The Council spent nearly the entire day today finishing up the city’s 2021 budget, between the final Budget Committee Meeting this morning, and then a final stamp of approval this afternoon at the weekly City Council meeting. Most of it was routine procedure — except for about an hour spent on one last-minute proposal to trim a bit more out of SPD’s budget.
As reported last week, when the dust settled after the Council had plowed through its proposed 169 budget amendments it had trimmed SPD funded FTEs from 1,400 down to 1,322. But it had declined to approve a “hiring freeze” for next year, meaning that the department could continue with its hiring plan. On paper, SPD projected that it would bring on board 114 new officers next year while losing 89, a net increase of 25. That net increase, however, is on top of a huge drop in officers this year due to higher than expected attrition, so while SPD would end 2021 with slightly more officers than it started the year, the end number would still be well below where the department originally projected to be at the end of this year — and even below the revised SPD budget that came out of the “rebalanced budget” approved by the Council earlier this year (here’s my deep dive on the SPD staffing numbers). Nonetheless, advocates for defunding SPD, already unhappy that the Council was not defunding SPD by 50% this year, were up in arms late last week when they found out that SPD might grow in size next year. Some pushed for a “net zero” SPD budget in 2021 while the plan for community-based community safety programs is assembled; others argued for a “no new cops” approach, the equivalent of a hiring freeze, that would prevent SPD from rehiring to fill any positions left vacant by attrition.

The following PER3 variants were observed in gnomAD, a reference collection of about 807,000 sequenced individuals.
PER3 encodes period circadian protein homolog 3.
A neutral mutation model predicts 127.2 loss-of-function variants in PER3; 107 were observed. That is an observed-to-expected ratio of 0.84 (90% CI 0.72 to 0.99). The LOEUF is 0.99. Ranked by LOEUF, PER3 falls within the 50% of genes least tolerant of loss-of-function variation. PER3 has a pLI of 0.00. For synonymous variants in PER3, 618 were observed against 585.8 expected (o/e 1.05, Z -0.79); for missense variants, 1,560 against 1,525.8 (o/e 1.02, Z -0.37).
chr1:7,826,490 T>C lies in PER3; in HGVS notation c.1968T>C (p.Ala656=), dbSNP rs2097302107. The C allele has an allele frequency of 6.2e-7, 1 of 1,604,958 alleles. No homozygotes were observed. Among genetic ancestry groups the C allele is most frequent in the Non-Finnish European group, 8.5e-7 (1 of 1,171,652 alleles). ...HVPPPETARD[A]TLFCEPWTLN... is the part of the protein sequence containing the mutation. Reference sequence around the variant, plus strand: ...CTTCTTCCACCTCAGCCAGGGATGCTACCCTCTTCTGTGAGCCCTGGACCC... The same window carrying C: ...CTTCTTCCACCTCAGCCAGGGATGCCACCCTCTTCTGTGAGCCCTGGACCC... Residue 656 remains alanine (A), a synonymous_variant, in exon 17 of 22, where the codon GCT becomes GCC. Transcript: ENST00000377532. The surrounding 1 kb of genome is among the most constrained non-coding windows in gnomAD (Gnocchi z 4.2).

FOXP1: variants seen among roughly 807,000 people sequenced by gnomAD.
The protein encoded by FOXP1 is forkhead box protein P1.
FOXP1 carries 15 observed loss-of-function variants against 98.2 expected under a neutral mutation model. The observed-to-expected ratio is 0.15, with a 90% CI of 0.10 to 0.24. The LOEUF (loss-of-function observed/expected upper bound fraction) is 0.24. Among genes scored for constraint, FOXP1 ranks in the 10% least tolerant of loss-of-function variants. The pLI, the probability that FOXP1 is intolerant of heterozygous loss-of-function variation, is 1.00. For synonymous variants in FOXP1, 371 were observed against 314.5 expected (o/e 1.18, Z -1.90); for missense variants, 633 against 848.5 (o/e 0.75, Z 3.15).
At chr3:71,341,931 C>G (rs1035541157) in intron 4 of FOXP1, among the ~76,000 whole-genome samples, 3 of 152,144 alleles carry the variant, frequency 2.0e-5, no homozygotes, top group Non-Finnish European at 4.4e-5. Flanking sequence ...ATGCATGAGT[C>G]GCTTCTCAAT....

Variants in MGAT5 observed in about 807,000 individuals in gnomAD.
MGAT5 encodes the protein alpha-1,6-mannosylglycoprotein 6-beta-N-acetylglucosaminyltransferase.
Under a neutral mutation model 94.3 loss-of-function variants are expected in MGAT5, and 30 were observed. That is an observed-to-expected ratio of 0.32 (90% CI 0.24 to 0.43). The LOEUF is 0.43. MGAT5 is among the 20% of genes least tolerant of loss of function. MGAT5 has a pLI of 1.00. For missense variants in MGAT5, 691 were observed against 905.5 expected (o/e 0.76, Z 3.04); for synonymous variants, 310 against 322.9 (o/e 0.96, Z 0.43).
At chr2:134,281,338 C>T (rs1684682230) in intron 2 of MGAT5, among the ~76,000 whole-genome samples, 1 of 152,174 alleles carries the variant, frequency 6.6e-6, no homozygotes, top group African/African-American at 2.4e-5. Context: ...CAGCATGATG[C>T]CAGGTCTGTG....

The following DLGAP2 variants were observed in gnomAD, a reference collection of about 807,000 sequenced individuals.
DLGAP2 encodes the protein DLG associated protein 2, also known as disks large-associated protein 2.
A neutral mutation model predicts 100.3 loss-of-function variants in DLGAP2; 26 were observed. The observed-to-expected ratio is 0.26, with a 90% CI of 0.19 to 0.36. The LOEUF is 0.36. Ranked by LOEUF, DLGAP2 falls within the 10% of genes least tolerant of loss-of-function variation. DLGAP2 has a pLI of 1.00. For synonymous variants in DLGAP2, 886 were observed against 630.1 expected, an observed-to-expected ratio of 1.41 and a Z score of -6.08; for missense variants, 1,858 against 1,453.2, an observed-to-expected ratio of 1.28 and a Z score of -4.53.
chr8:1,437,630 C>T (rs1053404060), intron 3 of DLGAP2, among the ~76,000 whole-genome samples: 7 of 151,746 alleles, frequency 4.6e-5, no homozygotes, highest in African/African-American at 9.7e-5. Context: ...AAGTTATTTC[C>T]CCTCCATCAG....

On Friday, the Council members received updated SPD attrition statistics for October. While originally expected to lose seven officers over the course of the month, in reality they lost 23. Budget chair Teresa Mosqueda explained this morning that based upon those numbers she believes that SPD is underestimating next year’s actual attrition, and thus she proposed an additional, last-minute budget amendment for the Council members to consider that would change the attrition projection from 89 to 114. That would make SPD “net zero” in 2021, with equal numbers of new hires and departures. Recognizing that SPD would have fewer officers, the amendment also reduces the department’s staffing budget by $2 million and transfers the funds over to increase investments in community-led safety programs.
In spite of Mosqueda’s explanation, it was clear to the other Council members (and quite frankly everyone else in Seattle) that this was a fairly transparent attempt to assuage critics by tweaking the numbers just enough that SPD wouldn’t be growing next year, and they raised several concerns. Many groused about the last-minute nature of this proposal, after Mosqueda promised last week that only minor technical amendments would be considered this morning. Council member Herbold said that it was “too cute” that the new attrition estimate just happened to be 114, the same as the hiring estimate, shining a light on the fact that there is no hard justification for that number. Given the unpredictable month-to-month numbers in late 2020, there’s no reason to believe any attrition prediction for next year.
Others expressed concern that when SPD is short-staffed it often uses the salary savings to pay additional overtime to existing employees to ensure that they can appropriately staff all shifts, but if the $2 million is taken away then SPD may be unable to cover under-staffing with overtime. This raised a familiar refrain from Council member Morales and a few others: that there is no evidence showing that hiring more officers increases community safety.
Over the weekend the Mayor’s Office let the Council know that because of the higher attrition this year, SPD has stepped up its recruiting efforts and now believes it can hire more than 114 people next year, further complicating any attempts by the Council to keep the department at “net zero”. It seems that both the number of hires and the number of departures are moving targets.